Harsh Taneja (Missouri School of Journalism, University of Missouri) and Angela Xiao Wu (School of Journalism and Communication, Chinese University of Hong Kong) examine the clustering of global internet web usage. To read their full study, please click here.
Scholars of internet governance have traditionally focused on how institutions such as sovereign nation states and multilateral organizations establish public policy. In doing so, experts and policy makers often presume the impact of internet policies on internet usage, but rarely do they examine usage aggregated from the behavior of individual web users.
To address this gap, earlier this year we initiated a research program to link the two disparate areas of internet governance and internet usage with a grant provided by IPO. Unlike most policy research, we took a bottom-up approach–that is, to evaluate user behavior first, and then link the observed patterns to policy initiatives. Our user behavior analysis relies on the web use data from ComScore, a provider that measures internet use from the computers of 2 million people in about 170 countries.
For this analysis, we conceptualized the internet as a network of interconnected websites, linked to one another if they had audiences in common. We constructed this network for the 1,000 most visited websites globally in September of 2009, 2011 and 2013. Analysis of these networks revealed a number of “clusters” of websites, whereby sites within the cluster had more users in common than they did with sites outside the cluster. In each of the three years, we found that the most salient means upon which websites clustered together we
re language and geography (and not content type). We interpreted such clusters as online expressions of place-based cultures, or “regional cultures.” The changes in online regional cultures over the years are particularly worthy of note.
First, we noticed what may be indicative of an ongoing de-Americanization of the WWW. In 2009, the largest cluster was of websites of US based companies, primarily in English. In 2011 and 2013, the cluster consisting of US-focused sites became more isolated as in these years “global” sites (e.g., Facebook and Twitter) become a distinct group, separating from the US cluster to form a cluster of their own. In other words, with the passage of time, just like many other online regional cultures that are distinct from the global cluster, the US-focused sites appear as a regional culture rather than the global center of the WWW in terms of web usage.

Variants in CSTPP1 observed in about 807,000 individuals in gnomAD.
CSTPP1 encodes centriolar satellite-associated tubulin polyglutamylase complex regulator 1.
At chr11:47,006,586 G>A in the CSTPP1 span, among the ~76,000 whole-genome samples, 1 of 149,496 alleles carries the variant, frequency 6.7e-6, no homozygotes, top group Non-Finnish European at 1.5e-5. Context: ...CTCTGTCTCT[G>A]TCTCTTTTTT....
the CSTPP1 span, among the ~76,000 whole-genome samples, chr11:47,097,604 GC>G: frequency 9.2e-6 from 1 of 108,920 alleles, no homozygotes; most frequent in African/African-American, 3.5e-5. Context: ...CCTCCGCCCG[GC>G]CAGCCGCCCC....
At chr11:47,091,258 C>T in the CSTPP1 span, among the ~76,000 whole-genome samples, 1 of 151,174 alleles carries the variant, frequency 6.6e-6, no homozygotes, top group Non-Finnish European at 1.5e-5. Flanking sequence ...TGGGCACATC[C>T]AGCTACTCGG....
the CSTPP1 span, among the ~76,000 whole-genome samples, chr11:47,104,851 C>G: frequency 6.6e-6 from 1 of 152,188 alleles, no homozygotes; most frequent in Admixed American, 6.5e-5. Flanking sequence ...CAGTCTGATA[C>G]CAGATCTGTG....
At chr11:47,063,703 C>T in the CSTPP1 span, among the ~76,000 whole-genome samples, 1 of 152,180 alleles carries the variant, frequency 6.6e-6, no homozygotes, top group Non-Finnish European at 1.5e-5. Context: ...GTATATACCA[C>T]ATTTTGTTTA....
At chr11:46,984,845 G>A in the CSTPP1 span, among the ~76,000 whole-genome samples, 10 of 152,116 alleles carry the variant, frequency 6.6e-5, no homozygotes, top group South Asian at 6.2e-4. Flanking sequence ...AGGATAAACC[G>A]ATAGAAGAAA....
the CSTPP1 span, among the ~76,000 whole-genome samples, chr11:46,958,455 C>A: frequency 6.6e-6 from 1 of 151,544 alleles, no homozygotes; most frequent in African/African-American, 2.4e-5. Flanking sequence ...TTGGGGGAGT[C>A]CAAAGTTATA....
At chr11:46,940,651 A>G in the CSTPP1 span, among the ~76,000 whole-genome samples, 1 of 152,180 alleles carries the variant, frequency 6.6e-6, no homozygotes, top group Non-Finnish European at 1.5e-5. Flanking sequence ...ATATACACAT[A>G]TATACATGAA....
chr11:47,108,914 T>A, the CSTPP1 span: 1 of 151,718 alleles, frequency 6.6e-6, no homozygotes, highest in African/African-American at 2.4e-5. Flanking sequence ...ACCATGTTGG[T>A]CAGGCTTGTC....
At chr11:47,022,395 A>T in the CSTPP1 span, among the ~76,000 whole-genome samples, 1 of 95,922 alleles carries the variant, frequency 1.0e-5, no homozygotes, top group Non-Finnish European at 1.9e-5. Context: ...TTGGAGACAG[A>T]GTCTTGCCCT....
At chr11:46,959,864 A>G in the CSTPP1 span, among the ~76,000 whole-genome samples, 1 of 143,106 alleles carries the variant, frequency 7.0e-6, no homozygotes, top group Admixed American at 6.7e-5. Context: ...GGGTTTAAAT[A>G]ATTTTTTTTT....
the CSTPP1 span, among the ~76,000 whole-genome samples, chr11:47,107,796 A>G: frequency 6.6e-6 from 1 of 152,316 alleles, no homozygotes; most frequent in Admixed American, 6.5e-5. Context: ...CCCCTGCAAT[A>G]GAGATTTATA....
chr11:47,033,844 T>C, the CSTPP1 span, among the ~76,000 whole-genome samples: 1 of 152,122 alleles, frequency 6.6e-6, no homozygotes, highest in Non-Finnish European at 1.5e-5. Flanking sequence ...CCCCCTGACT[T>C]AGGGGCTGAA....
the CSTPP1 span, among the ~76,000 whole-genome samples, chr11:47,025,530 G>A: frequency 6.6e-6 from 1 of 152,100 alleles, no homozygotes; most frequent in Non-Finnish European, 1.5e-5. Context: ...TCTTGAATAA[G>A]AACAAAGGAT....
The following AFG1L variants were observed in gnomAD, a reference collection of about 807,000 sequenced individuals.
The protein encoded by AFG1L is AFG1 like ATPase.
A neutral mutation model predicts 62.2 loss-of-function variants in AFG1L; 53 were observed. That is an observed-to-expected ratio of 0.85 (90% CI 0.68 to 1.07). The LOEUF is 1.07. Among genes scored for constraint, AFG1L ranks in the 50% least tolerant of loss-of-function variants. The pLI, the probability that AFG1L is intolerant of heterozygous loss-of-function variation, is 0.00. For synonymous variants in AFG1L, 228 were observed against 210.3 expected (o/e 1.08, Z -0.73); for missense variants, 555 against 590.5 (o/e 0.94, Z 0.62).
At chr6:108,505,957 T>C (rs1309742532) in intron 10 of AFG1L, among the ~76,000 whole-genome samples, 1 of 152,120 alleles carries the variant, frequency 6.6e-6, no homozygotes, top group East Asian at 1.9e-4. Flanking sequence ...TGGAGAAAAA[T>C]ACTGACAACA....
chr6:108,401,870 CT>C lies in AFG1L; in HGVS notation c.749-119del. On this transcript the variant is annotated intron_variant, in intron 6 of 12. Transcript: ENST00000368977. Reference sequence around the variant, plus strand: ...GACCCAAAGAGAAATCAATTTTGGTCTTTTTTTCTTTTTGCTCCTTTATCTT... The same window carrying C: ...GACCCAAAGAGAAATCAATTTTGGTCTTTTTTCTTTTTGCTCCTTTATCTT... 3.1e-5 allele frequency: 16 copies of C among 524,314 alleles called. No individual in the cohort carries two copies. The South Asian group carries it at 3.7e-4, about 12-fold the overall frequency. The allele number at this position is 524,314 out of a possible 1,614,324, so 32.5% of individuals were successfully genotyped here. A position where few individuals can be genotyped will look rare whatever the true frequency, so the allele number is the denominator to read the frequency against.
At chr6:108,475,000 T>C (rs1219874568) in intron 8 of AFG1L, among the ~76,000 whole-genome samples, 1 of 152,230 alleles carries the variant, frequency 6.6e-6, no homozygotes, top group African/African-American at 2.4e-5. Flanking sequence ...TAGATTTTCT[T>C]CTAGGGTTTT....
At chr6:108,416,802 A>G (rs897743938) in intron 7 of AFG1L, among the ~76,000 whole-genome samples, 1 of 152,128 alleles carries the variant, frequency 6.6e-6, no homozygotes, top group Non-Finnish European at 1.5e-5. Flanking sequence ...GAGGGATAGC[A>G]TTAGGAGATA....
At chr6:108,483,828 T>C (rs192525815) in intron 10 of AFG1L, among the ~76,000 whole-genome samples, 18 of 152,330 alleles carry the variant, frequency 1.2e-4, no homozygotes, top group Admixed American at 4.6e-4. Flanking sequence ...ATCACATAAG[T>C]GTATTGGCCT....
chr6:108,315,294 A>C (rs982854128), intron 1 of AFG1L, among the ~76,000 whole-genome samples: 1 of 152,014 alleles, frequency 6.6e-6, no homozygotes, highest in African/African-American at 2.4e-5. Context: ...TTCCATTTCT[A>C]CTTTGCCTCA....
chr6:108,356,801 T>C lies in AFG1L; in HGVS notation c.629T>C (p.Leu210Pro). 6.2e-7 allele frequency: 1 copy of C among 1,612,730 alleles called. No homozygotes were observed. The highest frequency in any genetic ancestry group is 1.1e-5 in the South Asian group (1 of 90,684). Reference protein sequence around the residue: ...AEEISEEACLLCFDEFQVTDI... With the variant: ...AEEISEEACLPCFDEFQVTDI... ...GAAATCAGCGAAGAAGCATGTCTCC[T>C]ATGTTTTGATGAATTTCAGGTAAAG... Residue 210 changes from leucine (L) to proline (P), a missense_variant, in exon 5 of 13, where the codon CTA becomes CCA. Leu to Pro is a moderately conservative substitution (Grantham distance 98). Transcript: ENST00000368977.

Moreover, our data reveal the rise of the Global South on the WWW. The China-based cluster, being the second largest in 2009, became the cluster with the largest number of websites in 2011 and grew even larger in 2013. Similar levels of growths are evident for the India and Brazil-based clusters as well. Simultaneously, we witnessed a gradual decline in the size of many clusters from the developed world, such as Germany, France and Japan as well as the fast shrinking of the Korean cluster in 2013 (The decline in Korea was sharper due to mobile devices displacing computers for web access, more so than in other developed countries). We think that what best explains these reconfigurations in cluster sizes is the spectacular growth of new internet users, as well as of local internet industries, in the Global South, compared to the relative stagnation on both these fronts witnessed in the developed world.
These clusters suggest that internet users are highly fragmented. Our next objective is to look deeper into what appeared to be prima facie—a “cultural fragmentation” of the internet and to locate its shaping forces. We calculated the distance of each cluster from the rest of the WWW, based on a network analytic measure termed “closeness centrality”. The more out-cluster websites users of in-cluster sites also visit, the shorter the distance between the said cluster and the rest of the WWW. Interestingly, we found that the Japan and the China cluster were equally distant from the rest of the WWW, even though one is a completely open internet, and the other is known for notoriously comprehensive access blockage. In general, any association between censorship and distance of a cluster proved hard to establish (This supports our previous study focusing on China’s Great Firewall). We decided to look for other factors, especially national internet-related policies, that could explain the formation of online regional cultures. We will elaborate on this stage of research in our next post.